The S&P 500 bounced off its bear market lows in October, and it has trended upward ever since. The benchmark index now sits just 6% from a record high, the point at which a new bull market definitively begins, and that hints at heftier gains on the horizon. The S&P 500 returned an average of 186% during the last nine bull markets.
Upward momentum in the stock market has coincided with more optimistic price targets from Wall Street analysts. Investors should never set too much store by such things, but it never hurts to research the stocks where strategists see substantial upside. Alphabet (NASDAQ: GOOGL) (NASDAQ: GOOG) and Adyen (OTC: ADYE.Y) currently fall into that category.
Here are the important details.
Google parent Alphabet currently carries a consensus rating of “buy” among the 55 Wall Street analysts polled by CNN Business with a median 12-month price target of $150 per share. The highest target is $200, implying 47% upside from its current price.
Alphabet gave a mediocre financial showing in the second quarter. Revenue rose 7% to $74.6 billion, slower than the 13% growth in the same period last year, but an acceleration from the 3% growth it posted in the first quarter. On the bottom line, GAAP earnings climbed 19% to $1.44 per diluted share as the company successfully kept costs in check and continued to repurchase stock.
Investors have cause to think Alphabet’s top line will grow faster in the future, especially as economic conditions improve and ad spending rebounds. Google is the largest ad tech company in the world by a wide margin, an advantage forged from the immense popularity of Google Search, YouTube, and Chrome. But Google is also the third-largest cloud infrastructure and platform services provider worldwide, and the company has steadily grabbed market share in recent years.
So what? The ad tech and cloud computing markets are expected to expand at 14% annually through 2030. Alphabet should be able to match that at a minimum given its strong foothold in both spaces. That said, the company could grow more swiftly with help from recent innovations like Duet AI for Google Workspace, a product that leans on generative artificial intelligence (AI) to draft text, create images, organize data, and perform other time-saving automations. The generative AI market is projected to grow at 24% annually through 2030, according to Statista.
Here is the bottom line: Alphabet has a great shot at mid-teens revenue growth for the foreseeable future, and earnings per share should grow slightly faster if stock buybacks continue. Indeed, the Wall Street consensus calls for annual earnings growth of 17.6% over the long term. That makes its valuation of 28.7 times earnings look reasonable despite being a premium to the three-year average of 26.2 times earnings.
Patient investors with a time horizon of at least three to five years should consider buying a small position in this growth stock ahead of the next bull market.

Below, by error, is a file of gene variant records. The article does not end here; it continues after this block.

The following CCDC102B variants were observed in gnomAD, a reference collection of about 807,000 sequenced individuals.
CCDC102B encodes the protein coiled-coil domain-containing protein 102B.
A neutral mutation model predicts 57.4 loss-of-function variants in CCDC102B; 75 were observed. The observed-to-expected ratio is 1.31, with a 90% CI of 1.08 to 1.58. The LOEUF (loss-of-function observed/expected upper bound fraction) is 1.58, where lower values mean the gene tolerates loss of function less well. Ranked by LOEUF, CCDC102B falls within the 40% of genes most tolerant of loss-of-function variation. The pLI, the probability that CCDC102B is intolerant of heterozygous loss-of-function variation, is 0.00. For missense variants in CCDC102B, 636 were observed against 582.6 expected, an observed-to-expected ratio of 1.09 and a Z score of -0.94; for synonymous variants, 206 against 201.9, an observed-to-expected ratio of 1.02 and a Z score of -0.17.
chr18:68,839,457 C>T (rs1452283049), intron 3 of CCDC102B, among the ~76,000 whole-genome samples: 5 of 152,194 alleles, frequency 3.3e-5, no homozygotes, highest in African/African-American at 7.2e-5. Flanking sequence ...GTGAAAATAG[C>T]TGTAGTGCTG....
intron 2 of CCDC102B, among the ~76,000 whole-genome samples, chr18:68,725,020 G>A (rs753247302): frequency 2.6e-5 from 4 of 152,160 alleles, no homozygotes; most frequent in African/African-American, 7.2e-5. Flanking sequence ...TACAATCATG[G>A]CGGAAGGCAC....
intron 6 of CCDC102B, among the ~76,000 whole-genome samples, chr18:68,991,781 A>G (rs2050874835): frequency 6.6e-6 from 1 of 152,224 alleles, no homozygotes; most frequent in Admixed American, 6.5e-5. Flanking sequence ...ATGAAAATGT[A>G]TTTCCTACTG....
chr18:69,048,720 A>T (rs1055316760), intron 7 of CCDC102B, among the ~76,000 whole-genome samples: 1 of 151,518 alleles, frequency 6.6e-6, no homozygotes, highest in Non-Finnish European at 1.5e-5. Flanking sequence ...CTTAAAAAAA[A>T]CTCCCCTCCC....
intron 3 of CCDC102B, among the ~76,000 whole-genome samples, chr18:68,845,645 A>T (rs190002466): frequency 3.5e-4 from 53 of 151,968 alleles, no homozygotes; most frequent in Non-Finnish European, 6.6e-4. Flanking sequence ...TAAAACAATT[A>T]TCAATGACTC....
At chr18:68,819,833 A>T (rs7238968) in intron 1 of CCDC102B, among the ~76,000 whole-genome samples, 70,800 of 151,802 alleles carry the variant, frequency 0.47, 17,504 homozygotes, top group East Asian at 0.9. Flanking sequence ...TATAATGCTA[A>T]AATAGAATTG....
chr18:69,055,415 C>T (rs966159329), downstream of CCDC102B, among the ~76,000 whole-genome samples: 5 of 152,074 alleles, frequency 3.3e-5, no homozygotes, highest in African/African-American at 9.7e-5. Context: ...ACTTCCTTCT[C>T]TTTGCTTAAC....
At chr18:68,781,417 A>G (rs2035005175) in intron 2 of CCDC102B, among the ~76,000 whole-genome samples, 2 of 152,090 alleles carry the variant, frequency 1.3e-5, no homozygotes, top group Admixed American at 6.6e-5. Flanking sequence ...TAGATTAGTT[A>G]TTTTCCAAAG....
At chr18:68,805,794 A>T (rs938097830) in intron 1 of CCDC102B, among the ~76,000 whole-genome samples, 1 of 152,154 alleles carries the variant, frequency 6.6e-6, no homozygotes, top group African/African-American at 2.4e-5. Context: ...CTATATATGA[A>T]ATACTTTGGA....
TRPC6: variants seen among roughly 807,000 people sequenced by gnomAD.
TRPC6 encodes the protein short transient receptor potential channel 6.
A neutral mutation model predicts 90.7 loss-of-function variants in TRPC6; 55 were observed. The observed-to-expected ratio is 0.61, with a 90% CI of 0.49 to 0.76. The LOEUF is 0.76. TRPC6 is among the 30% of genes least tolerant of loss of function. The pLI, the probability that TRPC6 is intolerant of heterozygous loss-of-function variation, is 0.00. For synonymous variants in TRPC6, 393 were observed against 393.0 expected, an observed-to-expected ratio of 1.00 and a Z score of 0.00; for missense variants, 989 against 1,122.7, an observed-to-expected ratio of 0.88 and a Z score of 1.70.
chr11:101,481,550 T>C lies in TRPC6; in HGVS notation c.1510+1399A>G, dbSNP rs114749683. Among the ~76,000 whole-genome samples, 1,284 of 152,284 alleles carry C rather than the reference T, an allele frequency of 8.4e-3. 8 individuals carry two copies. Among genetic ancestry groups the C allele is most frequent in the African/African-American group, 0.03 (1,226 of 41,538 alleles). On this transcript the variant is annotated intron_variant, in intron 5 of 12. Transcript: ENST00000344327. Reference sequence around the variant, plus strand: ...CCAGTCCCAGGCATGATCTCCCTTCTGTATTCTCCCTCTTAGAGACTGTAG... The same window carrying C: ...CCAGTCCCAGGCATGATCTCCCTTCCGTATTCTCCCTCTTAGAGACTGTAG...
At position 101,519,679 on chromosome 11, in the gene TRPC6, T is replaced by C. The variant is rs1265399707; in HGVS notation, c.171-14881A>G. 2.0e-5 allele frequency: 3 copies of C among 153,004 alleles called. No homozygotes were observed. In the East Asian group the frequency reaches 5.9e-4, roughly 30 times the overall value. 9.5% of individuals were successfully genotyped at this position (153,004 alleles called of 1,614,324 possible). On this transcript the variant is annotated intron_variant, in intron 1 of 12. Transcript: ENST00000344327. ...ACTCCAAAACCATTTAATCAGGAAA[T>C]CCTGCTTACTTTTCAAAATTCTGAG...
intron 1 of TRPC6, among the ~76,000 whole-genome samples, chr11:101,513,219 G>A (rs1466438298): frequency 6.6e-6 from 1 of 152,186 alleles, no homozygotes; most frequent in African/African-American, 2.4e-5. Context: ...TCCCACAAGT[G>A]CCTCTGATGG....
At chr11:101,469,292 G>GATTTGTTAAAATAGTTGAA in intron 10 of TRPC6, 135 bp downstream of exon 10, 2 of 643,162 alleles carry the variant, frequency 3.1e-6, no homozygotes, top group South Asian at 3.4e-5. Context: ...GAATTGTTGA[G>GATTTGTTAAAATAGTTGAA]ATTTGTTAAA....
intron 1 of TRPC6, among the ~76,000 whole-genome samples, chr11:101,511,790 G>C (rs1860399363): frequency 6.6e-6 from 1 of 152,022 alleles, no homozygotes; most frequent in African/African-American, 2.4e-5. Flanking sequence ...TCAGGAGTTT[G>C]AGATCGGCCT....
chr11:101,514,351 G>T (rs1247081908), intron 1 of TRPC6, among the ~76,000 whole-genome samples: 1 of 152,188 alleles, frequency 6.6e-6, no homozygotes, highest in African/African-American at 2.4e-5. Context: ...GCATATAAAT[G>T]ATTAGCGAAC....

European payments company Adyen currently carries a consensus rating of “hold” among the 30 investment analysts polled by CNN Business, but the median 12-month price target of $11.93 per American depositary receipt (ADR) implies 43% upside from its current price, and the highest target of $20.69 per ADR implies 147% upside.
Readers may be unfamiliar with Adyen, but most have likely interacted with its technology, and some probably do so regularly. Adyen unifies payment processing and acquiring capabilities on a single global platform. In doing so, its technology allows merchants to accept credit cards, mobile wallets, and other electronic payments across digital and physical channels without the traditional rigmarole of working with individual processors and acquirers.
Adyen also uses its data, which is more robust than what any processor or acquirer could attain independently, to boost authorization rates, inform marketing decisions, and prevent fraud for its merchants. That value proposition has helped the fintech company land customers like McDonald’s and Microsoft. But Adyen also has a compelling value proposition for platform businesses like Etsy and Uber. Namely, it offers embedded financial services that allow marketplace operators to create business bank accounts, issue cards, and send instant payouts to their own clients.
Adyen saw its share price tumble 39% following its financial update for the first half of 2023. Revenue climbed 21% to 739 million euros through June, the slowest growth on record, and EBITDA slipped 10% to 320 million euros as EBITDA margin contracted 16 percentage points to 43%. The company attributed the slower-than-expected sales growth to economic headwinds from high inflation and rising interest rates, and management said the decline in EBITDA margin was primarily driven by headcount expansion.
Those results are certainly disappointing to some degree, but I think investors overreacted. Economic headwinds are temporary and the headcount expansion supports future growth. Indeed, management expects revenue growth ranging from the mid-20s to low-30s in the medium term, and the company says its EBITDA margin will reach 65% in the long term. In short, nothing whatsoever has changed about the business.
Yet shares currently trade at 4.3 times sales, the cheapest valuation at any point in the past three years. That creates a compelling buying opportunity for long-term investors as triple-digit returns are unlikely in the next 12 months.
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Suzanne Frey, an executive at Alphabet, is a member of The Motley Fool’s board of directors. Trevor Jennewine has positions in Etsy. The Motley Fool has positions in and recommends Adyen, Alphabet, Etsy, Microsoft, and Uber Technologies. The Motley Fool has a disclosure policy.
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